As I mentioned, I’ve done some traveling with a remote work group called Hacker Paradise. (I’ve also done some SEO consulting for them – see my thoughts on karma, in Benefit #5.) Being a part of Hacker Paradise has turned out to be a great investment for me, as I’ve been able to use interactions with the group as a form of personal branding.
The company has featured me in articles and interviews (Hacker Paradise, BeNomad) YouTube) on their site, which has led to some great exposure and connecting with people who want to work with me.
Like a lot of people, I started my career working with a major company, and then later decided to try freelancing. In the beginning I thought, Hey maybe I could make more money doing this, but it has also allowed me to work with more companies, get more exposure and gain new skills.
When I started my career I worked in the automation industry, and I was 100% focused on that without many opportunities to branch out.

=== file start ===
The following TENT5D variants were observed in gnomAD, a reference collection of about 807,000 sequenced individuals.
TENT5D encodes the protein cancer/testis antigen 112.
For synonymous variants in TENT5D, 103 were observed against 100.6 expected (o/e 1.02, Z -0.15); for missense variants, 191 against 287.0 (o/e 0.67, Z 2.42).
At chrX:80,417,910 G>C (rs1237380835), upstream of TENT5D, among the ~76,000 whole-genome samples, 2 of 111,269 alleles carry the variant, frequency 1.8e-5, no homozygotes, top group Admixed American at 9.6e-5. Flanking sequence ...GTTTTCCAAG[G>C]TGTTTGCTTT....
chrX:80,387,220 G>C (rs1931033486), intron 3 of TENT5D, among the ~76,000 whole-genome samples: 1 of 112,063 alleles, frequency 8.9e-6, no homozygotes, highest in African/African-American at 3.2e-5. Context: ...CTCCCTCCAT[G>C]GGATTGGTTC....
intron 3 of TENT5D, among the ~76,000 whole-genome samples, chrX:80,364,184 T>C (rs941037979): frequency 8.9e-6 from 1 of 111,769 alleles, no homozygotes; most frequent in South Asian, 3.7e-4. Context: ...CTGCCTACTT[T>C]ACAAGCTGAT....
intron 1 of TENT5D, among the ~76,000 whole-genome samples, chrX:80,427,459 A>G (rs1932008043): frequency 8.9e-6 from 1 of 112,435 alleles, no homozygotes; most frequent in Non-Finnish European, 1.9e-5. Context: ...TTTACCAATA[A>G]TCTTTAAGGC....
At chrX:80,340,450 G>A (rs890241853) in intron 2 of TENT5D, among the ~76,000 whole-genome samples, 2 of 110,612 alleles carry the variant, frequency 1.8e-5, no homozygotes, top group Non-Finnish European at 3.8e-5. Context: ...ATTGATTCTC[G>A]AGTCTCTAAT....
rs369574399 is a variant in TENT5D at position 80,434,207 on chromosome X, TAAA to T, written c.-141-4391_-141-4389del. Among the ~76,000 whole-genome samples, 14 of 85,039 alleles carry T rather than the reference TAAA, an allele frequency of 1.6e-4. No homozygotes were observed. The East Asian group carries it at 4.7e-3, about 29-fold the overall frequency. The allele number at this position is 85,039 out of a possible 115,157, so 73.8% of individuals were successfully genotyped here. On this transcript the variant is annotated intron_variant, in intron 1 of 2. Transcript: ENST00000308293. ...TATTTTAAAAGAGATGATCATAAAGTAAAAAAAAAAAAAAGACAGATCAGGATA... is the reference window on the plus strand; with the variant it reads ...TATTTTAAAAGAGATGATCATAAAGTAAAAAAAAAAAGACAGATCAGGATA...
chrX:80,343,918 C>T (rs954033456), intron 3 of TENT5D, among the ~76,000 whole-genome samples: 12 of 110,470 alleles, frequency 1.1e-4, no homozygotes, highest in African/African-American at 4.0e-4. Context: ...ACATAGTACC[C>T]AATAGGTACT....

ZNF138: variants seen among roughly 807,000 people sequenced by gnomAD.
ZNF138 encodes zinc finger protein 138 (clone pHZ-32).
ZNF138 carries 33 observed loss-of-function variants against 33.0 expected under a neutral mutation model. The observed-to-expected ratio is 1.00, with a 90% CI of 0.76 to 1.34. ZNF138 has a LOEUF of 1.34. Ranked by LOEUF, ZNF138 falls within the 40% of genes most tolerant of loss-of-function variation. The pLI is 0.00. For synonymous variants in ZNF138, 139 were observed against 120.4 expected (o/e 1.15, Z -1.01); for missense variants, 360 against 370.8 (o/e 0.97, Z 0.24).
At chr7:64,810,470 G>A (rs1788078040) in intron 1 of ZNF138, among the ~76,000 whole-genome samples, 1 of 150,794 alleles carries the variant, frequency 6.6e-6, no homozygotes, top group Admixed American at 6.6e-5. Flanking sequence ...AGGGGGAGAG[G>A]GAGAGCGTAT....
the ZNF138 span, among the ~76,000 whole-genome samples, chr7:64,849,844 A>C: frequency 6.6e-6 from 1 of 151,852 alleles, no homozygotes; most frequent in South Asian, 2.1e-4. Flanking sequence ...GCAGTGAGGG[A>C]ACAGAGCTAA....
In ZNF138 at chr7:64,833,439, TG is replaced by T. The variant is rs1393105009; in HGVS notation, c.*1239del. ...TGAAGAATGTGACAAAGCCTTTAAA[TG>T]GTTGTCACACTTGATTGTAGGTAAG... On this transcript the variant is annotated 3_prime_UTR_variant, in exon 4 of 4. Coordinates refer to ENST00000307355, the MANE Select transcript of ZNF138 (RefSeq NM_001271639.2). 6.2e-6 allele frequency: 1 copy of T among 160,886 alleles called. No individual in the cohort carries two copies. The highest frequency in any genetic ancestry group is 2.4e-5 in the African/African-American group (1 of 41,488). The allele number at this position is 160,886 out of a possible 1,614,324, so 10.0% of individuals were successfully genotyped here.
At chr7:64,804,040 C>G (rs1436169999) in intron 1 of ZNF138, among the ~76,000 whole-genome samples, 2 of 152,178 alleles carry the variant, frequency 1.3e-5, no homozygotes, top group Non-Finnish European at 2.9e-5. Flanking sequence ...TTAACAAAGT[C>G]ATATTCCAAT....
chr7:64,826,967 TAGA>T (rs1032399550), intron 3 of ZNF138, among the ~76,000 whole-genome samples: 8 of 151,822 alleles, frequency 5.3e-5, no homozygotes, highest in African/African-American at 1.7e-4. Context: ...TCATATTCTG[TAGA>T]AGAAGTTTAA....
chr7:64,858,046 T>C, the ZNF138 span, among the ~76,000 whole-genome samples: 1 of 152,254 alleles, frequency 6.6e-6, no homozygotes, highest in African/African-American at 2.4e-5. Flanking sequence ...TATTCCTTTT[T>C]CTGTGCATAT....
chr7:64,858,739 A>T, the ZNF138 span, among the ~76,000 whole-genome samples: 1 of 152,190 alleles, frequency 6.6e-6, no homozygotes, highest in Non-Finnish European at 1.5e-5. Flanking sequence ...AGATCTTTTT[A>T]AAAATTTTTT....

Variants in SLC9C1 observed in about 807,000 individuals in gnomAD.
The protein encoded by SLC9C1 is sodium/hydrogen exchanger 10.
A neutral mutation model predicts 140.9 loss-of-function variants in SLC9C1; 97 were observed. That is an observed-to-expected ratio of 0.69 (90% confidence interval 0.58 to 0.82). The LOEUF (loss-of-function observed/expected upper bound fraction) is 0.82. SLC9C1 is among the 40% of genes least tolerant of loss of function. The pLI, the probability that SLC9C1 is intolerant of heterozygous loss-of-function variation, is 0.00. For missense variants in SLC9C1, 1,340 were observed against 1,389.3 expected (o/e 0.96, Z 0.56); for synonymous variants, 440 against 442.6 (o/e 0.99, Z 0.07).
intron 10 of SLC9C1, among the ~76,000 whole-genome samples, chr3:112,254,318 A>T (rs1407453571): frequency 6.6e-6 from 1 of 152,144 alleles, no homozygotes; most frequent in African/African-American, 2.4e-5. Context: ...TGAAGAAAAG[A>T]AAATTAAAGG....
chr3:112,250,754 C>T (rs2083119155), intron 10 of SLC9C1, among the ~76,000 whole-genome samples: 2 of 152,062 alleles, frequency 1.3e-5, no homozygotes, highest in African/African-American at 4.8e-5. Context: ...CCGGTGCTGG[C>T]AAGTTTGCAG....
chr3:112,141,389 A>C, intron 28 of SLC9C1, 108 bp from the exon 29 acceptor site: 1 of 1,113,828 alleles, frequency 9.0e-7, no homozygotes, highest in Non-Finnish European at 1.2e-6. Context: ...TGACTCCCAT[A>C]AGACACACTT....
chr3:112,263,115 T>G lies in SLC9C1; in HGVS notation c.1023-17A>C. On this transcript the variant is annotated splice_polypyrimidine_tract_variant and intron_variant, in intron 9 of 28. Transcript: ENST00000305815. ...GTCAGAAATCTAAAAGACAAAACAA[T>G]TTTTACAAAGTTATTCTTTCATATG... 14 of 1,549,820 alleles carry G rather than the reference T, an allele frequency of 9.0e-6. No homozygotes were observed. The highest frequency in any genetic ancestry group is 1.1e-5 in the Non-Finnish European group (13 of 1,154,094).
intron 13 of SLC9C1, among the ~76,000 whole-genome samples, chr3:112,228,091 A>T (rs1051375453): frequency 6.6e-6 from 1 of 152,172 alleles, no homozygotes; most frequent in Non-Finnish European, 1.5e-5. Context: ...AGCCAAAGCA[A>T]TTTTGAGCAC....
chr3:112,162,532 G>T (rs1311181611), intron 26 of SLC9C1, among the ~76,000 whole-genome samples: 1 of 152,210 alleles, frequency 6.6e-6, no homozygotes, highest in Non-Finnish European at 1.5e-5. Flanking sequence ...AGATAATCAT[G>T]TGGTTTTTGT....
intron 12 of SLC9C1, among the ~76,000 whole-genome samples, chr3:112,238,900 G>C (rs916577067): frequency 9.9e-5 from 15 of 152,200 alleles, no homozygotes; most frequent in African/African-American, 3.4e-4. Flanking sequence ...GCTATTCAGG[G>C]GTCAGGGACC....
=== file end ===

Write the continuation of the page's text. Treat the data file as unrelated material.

Once I started freelancing, I got to work in some new fields that were very interesting to me, like finance, real estate, food and travel industry. Now that I’m not just stuck in one industry I have a lot of versatility in my experience and what I can do.
8. Save Money
Well, not really for me because I spend a lot more than your average person on accomodation, flights, food and the odd crazy outdoorsy activities.
But still, for many other remote workers, the beauty is that you don’t have to be committed to any one place. There are some very expensive cities in the world. As a remote worker, you can visit them for a short time or avoid them altogether. You can go anywhere as long as you have good Internet and have work that is remote-compatible.